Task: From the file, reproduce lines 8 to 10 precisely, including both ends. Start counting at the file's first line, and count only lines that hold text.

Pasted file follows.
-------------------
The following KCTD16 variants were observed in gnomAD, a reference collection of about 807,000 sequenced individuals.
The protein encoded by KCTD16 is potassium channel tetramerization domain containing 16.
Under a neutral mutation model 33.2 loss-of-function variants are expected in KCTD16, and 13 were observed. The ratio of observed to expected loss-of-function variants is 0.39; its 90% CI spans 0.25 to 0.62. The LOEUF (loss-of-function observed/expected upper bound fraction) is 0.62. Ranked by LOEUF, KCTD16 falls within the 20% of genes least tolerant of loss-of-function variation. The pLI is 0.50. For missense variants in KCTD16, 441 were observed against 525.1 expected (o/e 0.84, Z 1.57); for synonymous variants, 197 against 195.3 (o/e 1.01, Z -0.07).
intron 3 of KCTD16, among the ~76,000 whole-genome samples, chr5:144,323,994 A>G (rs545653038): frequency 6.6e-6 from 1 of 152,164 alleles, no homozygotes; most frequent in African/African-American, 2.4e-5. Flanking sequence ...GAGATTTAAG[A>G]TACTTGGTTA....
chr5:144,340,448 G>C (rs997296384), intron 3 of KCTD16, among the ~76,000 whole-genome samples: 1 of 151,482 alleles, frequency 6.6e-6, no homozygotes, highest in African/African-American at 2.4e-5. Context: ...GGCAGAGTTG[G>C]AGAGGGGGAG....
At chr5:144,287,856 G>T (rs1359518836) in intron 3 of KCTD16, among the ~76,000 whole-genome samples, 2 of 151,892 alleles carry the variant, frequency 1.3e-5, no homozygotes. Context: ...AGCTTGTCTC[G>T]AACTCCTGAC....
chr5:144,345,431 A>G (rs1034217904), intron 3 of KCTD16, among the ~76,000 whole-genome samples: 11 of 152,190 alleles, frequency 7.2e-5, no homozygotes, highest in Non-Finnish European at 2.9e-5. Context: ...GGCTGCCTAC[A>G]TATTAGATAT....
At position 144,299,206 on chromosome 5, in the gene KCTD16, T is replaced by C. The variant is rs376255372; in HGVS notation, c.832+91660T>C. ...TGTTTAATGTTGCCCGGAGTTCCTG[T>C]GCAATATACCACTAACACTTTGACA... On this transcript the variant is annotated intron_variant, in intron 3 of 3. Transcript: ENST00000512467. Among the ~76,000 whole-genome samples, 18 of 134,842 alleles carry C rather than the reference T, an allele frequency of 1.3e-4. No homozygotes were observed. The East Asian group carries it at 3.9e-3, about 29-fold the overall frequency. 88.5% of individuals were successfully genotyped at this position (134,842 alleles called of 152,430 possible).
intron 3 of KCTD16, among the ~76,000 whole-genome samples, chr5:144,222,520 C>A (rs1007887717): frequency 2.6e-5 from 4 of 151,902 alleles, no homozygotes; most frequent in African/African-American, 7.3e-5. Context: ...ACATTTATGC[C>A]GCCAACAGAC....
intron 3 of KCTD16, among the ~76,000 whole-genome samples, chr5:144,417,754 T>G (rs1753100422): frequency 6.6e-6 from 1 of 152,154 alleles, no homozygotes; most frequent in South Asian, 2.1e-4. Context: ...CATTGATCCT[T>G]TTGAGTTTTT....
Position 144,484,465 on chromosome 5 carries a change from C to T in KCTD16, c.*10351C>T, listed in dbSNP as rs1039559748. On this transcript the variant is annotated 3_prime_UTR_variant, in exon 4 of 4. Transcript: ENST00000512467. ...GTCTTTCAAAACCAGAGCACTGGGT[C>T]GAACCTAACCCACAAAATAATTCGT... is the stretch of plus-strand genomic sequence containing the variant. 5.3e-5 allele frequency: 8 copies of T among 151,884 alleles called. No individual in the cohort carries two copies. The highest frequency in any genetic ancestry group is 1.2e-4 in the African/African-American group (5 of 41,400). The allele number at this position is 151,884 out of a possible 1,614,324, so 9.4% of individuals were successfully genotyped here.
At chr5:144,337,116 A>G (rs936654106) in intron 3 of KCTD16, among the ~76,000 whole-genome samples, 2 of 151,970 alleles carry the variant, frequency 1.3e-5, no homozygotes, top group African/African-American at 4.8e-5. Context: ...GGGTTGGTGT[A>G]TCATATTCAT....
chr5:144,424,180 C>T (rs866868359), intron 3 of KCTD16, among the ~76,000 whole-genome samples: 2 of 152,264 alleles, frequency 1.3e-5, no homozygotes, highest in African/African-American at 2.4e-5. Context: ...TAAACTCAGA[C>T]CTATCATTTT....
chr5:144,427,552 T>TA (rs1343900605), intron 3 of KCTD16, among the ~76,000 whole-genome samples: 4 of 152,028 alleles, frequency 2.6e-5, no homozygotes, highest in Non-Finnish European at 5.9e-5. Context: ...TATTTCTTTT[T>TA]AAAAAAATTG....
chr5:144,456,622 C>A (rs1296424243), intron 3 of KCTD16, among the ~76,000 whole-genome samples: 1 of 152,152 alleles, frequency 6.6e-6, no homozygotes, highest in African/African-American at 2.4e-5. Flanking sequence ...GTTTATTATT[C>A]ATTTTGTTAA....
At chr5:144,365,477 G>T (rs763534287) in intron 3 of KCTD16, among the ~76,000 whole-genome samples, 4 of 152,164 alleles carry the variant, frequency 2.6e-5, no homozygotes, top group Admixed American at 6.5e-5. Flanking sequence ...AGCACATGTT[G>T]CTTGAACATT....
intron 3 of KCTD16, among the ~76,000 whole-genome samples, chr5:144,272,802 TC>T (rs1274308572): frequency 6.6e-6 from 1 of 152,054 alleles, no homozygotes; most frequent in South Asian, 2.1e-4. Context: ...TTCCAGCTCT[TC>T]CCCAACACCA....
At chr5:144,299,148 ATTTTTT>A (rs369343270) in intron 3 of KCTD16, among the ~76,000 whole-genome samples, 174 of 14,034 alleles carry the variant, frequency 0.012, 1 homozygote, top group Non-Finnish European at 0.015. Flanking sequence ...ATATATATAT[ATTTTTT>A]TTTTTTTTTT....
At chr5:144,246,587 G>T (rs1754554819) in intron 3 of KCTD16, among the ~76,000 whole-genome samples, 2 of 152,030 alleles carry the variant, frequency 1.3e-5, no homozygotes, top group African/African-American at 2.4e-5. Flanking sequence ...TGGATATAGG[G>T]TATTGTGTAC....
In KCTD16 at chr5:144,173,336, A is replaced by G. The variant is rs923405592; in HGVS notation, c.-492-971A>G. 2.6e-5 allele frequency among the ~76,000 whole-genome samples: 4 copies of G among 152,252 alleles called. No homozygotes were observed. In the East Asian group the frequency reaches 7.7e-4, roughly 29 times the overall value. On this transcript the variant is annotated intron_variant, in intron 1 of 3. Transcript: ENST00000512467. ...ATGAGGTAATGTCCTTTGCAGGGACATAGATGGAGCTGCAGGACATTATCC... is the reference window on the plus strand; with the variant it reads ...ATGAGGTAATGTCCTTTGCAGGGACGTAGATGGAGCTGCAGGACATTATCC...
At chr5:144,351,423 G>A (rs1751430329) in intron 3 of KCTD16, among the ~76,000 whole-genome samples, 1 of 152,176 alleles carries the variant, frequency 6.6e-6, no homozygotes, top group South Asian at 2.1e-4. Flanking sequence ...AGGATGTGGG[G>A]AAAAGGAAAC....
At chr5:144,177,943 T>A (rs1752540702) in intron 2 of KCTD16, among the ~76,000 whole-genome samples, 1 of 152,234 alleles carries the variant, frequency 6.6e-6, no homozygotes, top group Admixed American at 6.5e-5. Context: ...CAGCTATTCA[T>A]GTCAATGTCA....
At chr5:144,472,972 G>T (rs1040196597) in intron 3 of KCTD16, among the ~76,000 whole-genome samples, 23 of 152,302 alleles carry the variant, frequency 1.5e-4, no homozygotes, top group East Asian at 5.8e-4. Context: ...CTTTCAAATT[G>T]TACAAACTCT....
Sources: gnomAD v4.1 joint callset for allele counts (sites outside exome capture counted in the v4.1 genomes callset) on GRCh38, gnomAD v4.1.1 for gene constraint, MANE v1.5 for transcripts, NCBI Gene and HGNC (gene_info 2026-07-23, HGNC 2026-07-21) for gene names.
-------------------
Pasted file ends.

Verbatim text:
At position 144,299,206 on chromosome 5, in the gene KCTD16, T is replaced by C. The variant is rs376255372; in HGVS notation, c.832+91660T>C. ...TGTTTAATGTTGCCCGGAGTTCCTG[T>C]GCAATATACCACTAACACTTTGACA... On this transcript the variant is annotated intron_variant, in intron 3 of 3. Transcript: ENST00000512467. Among the ~76,000 whole-genome samples, 18 of 134,842 alleles carry C rather than the reference T, an allele frequency of 1.3e-4. No homozygotes were observed. The East Asian group carries it at 3.9e-3, about 29-fold the overall frequency. 88.5% of individuals were successfully genotyped at this position (134,842 alleles called of 152,430 possible).
intron 3 of KCTD16, among the ~76,000 whole-genome samples, chr5:144,222,520 C>A (rs1007887717): frequency 2.6e-5 from 4 of 151,902 alleles, no homozygotes; most frequent in African/African-American, 7.3e-5. Context: ...ACATTTATGC[C>A]GCCAACAGAC....
intron 3 of KCTD16, among the ~76,000 whole-genome samples, chr5:144,417,754 T>G (rs1753100422): frequency 6.6e-6 from 1 of 152,154 alleles, no homozygotes; most frequent in South Asian, 2.1e-4. Context: ...CATTGATCCT[T>G]TTGAGTTTTT....